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After World War II, about 13 million Germans were forced to leave their homes in what are today the Czech Republic and Poland. Decades later, the German expellees are to be remembered with their own memorial day.
They were only allowed 70 kilos per person when they were expelled at the end of May 1946. The Czechoslovak authorities had informed Liebhard Franke's mother, Emma, a few months in advance that she and her family were to be resettled from their home in Schwarzwasser, today's Cerna Voda in the Czech Republic. Franke was 14 years old. Now 82 years old, he still clearly remembers the day he, his two younger siblings, his mother and grandmother were picked up. He played on the piano one last time before they left their home for good.
Keeping memories alive
In the confusion of the post-war years, millions of Germans suffered the same fate, expelled from their homes in East Prussia, now a Russian exclave, Pomerania and Silesia, now in Poland, and the Sudeten territories in the Czech Republic.
To commemorate the fate of these expellees and other ethnic German settlers, Germany's new coalition government pledged in its December 2013 coalition agreement to create a new memorial day. That's a long overdue move as far as Erika Steinbach, President of the Alliance of Exiles (BdV), is concerned, even if the regions in question no longer belong to Germany. The expulsion, Steinbach wrote in a Twitter post, was the most epic upheaval in Germany since the Thirty Years' War in the 17th century.
Liebhard Franke was born 1932 in Schwarzwasser, at a time when people there spoke nothing but German even though the town was in Czechoslovakia. He recalls there were very few Czech residents. In September 1938, the Munich Agreement allowed Germany to annex Schwarzwasser and the rest of the Sudetenland.
At the end of the war, in 1945, the "losers" were no longer welcome, and were forced into exile, like the Franke family. The expulsion was based on an accord signed by the victorious allies in 1946: the Potsdam Agreement stipulated the return of ethnic Germans from certain territories to Germany.
Cooped up in cattle cars, the exiles were moved out and distributed throughout West Germany and the Soviet occupation zone. Detention centers were set up where "some people ended up forced into hard labor under at times inhuman conditions," Manfred Kittel, director of the Federal Foundation Flight, Expulsion and Reconciliation (SFVV) says.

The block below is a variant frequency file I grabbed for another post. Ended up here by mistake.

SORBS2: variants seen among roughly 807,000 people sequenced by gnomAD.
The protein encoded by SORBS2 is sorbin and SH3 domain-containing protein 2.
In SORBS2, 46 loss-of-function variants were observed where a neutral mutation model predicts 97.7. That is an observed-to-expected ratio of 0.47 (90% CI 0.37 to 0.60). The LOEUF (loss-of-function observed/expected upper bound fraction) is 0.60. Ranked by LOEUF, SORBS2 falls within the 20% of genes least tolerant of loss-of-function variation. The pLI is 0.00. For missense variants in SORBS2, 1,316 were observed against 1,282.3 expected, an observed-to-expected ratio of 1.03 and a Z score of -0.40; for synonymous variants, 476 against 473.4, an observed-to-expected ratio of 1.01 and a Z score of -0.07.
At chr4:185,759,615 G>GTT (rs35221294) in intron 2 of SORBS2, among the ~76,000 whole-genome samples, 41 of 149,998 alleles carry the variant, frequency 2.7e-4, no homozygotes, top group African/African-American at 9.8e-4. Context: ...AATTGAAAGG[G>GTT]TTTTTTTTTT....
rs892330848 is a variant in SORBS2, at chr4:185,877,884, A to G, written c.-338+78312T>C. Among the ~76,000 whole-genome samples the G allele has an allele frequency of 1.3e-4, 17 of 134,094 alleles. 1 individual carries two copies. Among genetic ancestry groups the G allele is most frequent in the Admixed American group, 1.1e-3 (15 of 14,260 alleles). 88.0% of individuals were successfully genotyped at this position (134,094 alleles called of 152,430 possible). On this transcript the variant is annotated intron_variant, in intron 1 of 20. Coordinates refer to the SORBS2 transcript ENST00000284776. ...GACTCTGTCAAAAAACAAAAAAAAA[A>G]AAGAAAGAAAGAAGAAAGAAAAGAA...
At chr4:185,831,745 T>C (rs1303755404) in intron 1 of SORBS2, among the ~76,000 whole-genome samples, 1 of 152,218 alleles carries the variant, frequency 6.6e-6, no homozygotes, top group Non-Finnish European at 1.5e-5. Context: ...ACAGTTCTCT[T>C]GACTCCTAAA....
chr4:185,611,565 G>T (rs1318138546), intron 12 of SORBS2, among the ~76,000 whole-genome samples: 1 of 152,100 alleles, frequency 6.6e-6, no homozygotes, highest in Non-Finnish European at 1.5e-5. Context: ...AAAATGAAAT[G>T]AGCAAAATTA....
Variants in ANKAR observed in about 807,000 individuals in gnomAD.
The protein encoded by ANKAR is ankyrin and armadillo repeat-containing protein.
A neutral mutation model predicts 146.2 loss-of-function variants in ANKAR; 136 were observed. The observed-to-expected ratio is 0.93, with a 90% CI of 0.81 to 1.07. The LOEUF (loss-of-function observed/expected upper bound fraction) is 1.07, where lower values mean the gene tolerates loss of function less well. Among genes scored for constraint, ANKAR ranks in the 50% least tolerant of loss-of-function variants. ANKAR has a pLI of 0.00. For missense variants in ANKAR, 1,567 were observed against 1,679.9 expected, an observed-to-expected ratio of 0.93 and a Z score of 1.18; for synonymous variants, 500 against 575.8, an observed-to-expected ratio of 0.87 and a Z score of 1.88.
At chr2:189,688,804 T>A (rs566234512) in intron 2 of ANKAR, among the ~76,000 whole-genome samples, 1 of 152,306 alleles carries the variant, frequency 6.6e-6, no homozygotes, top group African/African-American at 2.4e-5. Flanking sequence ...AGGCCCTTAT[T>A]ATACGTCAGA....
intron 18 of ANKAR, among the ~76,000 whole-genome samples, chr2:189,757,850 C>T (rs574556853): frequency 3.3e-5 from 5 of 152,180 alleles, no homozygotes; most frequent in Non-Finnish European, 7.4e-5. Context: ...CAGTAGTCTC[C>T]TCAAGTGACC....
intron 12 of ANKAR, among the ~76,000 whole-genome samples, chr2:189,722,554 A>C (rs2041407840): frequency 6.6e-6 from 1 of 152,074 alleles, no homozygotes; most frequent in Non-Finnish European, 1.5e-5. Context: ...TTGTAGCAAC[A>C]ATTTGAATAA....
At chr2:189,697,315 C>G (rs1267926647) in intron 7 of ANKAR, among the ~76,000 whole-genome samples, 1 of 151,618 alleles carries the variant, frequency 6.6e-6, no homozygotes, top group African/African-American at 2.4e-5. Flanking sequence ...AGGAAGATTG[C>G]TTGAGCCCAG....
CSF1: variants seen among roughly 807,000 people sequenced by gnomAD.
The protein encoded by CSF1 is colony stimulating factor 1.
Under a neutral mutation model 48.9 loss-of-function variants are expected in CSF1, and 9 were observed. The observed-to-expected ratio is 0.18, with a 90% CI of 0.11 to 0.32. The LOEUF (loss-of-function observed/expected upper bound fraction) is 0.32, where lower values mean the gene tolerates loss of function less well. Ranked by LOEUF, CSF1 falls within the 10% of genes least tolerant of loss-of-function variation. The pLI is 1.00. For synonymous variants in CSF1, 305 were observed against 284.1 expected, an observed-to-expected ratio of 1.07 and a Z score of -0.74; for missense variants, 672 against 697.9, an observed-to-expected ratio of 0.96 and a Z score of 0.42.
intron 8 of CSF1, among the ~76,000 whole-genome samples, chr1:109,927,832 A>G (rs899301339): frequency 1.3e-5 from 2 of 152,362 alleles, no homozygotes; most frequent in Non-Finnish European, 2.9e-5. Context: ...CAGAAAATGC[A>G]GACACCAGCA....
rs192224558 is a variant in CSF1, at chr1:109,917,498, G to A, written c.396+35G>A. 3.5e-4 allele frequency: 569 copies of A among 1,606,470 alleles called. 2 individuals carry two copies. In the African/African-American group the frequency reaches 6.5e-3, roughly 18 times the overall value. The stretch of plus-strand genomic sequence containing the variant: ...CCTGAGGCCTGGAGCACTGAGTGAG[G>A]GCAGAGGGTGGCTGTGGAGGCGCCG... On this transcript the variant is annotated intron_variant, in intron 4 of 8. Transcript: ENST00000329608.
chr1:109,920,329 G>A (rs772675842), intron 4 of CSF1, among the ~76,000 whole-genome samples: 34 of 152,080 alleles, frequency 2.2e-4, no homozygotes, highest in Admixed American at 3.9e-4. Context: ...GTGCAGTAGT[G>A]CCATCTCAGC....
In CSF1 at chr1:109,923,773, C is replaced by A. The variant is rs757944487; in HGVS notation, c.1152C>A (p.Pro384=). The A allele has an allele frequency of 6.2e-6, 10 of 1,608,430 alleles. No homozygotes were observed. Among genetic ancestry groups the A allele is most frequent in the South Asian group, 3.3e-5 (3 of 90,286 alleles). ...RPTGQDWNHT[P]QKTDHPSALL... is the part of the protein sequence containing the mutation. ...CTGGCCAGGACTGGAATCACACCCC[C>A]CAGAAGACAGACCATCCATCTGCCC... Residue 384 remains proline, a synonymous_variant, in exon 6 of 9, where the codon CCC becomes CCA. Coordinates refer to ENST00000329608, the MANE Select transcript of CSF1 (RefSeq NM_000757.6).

Liebhard Franke and his family were lucky. Their journey ended after just three days in the southern German town of Kürnbach, 50 kilometers from Stuttgart. "The people were simply forced onto the communities, who then had to put them up somewhere," Franke says. About eight million expellees were settled in what would become West Germany, and four million in the East.
Local residents were ordered to give up rooms to the newcomers. It was an enormous strain on everyone, Franke remembers.
His father was released from a prisoner-of-war camp in late 1946. As a stone industry worker, he quickly found work rebuilding damaged churches, which made his family's situation easier, says his son. Many others were treated as intruders in their new homes. But, says Manfred Kittel from the SFVV, reconstruction and Germany's post-war economic miracle would not have been possible without the exiles.
Accepting the facts
Dialects, traditions and customs began to disappear. In the early 1950s, the expellees organized in territorial groups "to remember the culture and history of their lost homelands, and to represent their demands," historian Kittel says. The communities formed by the associations helped many get over their loss.
Initially, the groups had close ties to the Social Democrats - until Chancellor Willy Brandt recognized Germany's eastern borders, drawn after World War Two, dashing all hopes the expellees may have had of a return. Today, the 20 remaining exile groups in Germany are affiliated mainly with the Christian Democrats - and are grappling with waning membership.
It's not a surprising development, says Franke: some things can only be kept alive if they are shared in a community like a village. When people move elsewhere, it's normal that they should find no resonance for their traditions. "You just have to fit in," he says: even if a memorial day won't bring back the traditions, it will at least make it possible to commemorate the people.
A date for the day of remembrance has not yet been set.